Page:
From the New York Review of Books, in a discussion of the work of Rod Serling, after a description of a how a character suffers from fevered dreams, comes what is a tiresome and all-too-predictable (bordering on, if not actually invading and annexing) cliché:

“I also wake up adrift, in a desperate and unfamiliar reality, wondering if the last year in America has been a dream—I too expect catastrophe, but it’s impossible to know from which direction it will come, whether I am right to trust my senses or if I’m merely sleepwalking while the actual danger becomes ever-more present.  One thing I do know is that I’m not alone: since the election of Donald Trump, it’s become commonplace to compare the new normal to living in the Twilight Zone.”

From the wails of our betters, you’d think the Nazi flag was flapping over the entrance of the Pentagon…

…. that the round ups of intellectuals, undesirables, homosexuals, gypsies, and Jews were already national policy…

… And that the National Monument was the scene of klieg-lit marches of a million loyal brown-shirted anti-semites-by-law.

Okay, so none of that has actually occurred. But with the dependable obtuseness of a fanatic of the secular sort, the fever-stricken writer overlooks the irony of his own observations about the work, particularly when he mentions that the enduring thing about the series was “Rod Serling’s rejoinders to the prevalent anti-Communist panic that gripped the decade.”

The work itself, of course, is of secondary importance to getting off that required party-line about Emmanuel Goldstein’s treachery. Perhaps (the writer) will look back in 20 years or so and notice a certain prevalent panic that gripped the “correct sorts” himself, but that might be expecting too much.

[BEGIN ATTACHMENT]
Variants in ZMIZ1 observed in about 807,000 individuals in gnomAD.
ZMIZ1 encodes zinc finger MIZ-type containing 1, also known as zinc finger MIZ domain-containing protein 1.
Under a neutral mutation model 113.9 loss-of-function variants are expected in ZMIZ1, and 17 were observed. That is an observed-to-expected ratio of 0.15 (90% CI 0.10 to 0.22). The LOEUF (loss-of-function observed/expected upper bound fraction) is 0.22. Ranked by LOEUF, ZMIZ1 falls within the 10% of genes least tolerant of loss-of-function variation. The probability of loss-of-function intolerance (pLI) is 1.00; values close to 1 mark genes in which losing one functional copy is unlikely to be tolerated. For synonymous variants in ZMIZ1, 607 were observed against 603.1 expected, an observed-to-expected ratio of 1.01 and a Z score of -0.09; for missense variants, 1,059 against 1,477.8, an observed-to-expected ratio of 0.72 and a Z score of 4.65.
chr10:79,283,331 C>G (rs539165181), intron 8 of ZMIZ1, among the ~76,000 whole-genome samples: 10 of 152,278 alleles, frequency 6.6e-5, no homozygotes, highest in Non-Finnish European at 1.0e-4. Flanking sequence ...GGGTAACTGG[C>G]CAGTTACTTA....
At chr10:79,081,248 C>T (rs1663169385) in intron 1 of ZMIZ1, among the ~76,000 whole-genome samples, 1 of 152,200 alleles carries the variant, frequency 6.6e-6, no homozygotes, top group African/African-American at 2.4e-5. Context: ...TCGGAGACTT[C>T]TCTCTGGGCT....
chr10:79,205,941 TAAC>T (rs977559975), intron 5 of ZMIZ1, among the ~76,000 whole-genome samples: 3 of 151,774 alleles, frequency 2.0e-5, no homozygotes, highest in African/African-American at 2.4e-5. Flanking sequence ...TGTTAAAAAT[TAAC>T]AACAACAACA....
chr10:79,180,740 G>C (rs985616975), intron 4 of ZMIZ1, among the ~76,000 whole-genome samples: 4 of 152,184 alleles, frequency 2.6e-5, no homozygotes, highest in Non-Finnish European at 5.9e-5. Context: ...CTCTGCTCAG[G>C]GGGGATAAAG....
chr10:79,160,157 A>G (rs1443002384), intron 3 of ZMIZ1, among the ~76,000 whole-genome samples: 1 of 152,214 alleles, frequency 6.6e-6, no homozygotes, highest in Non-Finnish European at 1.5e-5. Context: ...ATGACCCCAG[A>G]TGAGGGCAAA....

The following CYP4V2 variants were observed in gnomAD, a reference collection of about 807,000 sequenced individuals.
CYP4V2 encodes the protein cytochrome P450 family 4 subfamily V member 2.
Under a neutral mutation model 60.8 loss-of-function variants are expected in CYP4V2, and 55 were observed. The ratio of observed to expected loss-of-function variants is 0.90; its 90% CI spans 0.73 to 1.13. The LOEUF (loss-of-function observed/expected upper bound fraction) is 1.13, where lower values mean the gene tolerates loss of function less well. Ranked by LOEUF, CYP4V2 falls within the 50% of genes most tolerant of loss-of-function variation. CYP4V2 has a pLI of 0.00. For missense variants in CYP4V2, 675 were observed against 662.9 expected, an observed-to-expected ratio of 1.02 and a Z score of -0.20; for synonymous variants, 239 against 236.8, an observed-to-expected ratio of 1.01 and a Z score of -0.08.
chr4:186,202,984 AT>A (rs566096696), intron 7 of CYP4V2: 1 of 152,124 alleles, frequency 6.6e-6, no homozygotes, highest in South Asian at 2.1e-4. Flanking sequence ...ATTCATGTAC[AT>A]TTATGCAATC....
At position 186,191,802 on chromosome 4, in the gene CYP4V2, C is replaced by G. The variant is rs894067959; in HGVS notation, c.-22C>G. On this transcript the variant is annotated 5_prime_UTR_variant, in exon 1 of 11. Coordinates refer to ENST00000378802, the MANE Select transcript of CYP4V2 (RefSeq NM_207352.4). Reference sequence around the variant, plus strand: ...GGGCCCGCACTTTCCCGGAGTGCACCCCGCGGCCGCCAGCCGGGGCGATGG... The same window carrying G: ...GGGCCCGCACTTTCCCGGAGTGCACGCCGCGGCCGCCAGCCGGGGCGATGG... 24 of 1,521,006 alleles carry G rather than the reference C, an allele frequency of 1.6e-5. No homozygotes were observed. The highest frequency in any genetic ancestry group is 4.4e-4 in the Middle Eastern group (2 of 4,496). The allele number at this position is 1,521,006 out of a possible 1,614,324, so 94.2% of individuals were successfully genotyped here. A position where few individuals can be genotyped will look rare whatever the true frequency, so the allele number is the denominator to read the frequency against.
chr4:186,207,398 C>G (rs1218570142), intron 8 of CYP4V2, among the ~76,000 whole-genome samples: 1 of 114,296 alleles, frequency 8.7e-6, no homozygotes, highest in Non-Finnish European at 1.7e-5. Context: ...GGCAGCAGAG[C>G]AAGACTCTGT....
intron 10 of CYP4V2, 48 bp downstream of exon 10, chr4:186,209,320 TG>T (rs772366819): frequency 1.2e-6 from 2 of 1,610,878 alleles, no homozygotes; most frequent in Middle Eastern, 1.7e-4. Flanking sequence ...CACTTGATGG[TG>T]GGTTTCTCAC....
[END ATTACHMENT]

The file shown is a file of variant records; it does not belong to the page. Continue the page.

Just like it might be expecting too much for the daring and completely free-minded content creators who bring us the product that is Television to deliver something new and nuanced, nay, even a clever way to reflect upon the world and our place in it:

Paranoid President gibbering about a Deep State attempting to overthrow them? That would be Homeland, the original (remake of an Israeli) series about a mentally ill CIA agent and the place where “Ripped from the headlines!” becomes “Swiped from the super-secret Antifa website!”

Not to be outdone is The Good Fight, starring the very good Christine Baranski, whose producers promise to name every episode with the number of days a certain Republican has been the CIC, as a way “to grapple with the insanity of a world in which Trump is POTUS.” Apparently, the first episode of this season focuses on Chicago’s soaring murder rate, and we all know how much impact Donald Trump has had on that increase — who knew he personally drives his Lexus down to Michigan Avenue every weekend to give away pistols and crack?

Did a memo go out that every cineaste and would-be taste-meister must be full of fear and trembling, yet aesthetically #RESISTANT to what happened in our relatively peaceful election?

“2017 didn’t improve much on 2016. If anything, the horror and dread of last year only seemed to take root and blossom this year, as some of our worst collective fears were realized and the future seemed to grow dimmer with every bad-news bulletin and misjudged tweet. If there was a constant, at least for cinephiles, it lay with the movies. … But as the world burned, the films still delivered.” — The Onion AV Club

Friendly note to these delicate flowers, so bravely protecting us from the horrors they are certain are happening (even if it’s only in their imagination): if the world burned, it was burning because of Antifa’s infantile tantrums and those of the adherents to A Murderous Theology Whose Name We Dare Not Speak.

Next week: Hillary Porn and a handy checklist to ensure the creative content you consume provides the Daily Required Amount of Woke for your spiritual well-being.


Photo by cdrummbks

Nazi Flags:(Source:  Bundesarchiv, Bild 183-2006-0315-500 / Schwan / CC-BY-SA 3.0 [CC BY-SA 3.0 de (], via Wikimedia Commons

Round Up: Pussyhat By Brian Allen, Voice of America [Public domain], via Wikimedia Commons